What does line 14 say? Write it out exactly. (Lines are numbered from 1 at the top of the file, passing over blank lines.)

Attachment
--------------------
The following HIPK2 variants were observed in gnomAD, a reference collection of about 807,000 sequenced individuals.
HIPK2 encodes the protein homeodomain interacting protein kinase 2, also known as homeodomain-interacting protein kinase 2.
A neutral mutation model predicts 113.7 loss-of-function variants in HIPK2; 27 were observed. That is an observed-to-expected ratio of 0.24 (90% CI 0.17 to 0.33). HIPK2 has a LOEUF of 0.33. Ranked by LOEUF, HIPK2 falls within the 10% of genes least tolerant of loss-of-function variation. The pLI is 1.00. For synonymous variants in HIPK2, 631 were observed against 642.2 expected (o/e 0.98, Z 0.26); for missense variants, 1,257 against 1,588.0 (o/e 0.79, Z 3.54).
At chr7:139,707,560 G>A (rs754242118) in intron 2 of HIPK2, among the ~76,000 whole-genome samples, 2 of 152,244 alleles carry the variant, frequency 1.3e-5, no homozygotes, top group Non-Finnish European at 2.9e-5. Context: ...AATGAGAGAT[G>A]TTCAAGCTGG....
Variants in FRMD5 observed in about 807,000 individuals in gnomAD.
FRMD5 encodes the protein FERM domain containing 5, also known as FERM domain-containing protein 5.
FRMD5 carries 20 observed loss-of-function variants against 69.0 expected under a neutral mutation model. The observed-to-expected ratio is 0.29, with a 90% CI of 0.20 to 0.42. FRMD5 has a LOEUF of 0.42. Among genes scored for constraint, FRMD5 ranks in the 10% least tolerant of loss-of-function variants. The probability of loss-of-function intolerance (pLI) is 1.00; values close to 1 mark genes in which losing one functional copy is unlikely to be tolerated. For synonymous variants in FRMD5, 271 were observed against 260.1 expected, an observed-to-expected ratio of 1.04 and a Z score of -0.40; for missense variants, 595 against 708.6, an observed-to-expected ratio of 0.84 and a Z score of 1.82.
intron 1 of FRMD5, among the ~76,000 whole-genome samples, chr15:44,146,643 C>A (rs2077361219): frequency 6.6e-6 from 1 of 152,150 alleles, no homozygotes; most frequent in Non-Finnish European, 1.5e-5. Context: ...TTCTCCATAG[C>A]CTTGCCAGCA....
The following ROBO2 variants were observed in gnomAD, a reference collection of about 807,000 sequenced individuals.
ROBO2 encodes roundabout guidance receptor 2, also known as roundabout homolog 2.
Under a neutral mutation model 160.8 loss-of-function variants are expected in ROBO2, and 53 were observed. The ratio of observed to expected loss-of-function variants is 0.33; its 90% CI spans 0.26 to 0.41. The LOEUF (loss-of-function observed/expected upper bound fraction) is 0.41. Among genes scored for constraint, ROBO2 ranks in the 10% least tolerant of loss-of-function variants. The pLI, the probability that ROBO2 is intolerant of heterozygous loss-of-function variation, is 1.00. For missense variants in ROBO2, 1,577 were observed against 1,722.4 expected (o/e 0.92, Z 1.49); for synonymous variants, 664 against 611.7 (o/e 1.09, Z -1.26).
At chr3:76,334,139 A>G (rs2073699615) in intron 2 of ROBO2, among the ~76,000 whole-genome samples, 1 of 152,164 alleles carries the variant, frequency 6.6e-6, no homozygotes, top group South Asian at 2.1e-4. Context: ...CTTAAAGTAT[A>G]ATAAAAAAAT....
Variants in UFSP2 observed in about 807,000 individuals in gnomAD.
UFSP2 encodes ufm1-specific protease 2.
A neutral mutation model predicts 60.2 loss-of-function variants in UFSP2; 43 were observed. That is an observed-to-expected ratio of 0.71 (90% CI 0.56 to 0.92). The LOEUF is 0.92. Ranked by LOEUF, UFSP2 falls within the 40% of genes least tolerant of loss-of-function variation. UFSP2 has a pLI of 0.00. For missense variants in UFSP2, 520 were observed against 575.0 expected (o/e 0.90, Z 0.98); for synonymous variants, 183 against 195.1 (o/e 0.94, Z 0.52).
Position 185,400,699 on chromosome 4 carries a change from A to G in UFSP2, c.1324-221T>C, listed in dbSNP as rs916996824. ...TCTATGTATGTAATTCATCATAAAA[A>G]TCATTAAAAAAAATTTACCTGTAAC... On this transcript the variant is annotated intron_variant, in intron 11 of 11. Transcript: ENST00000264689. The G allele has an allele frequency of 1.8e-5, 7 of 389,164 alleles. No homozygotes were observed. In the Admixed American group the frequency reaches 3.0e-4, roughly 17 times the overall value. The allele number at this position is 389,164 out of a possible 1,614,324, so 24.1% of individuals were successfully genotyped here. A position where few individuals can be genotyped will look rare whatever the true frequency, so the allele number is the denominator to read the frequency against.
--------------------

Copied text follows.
UFSP2 encodes ufm1-specific protease 2.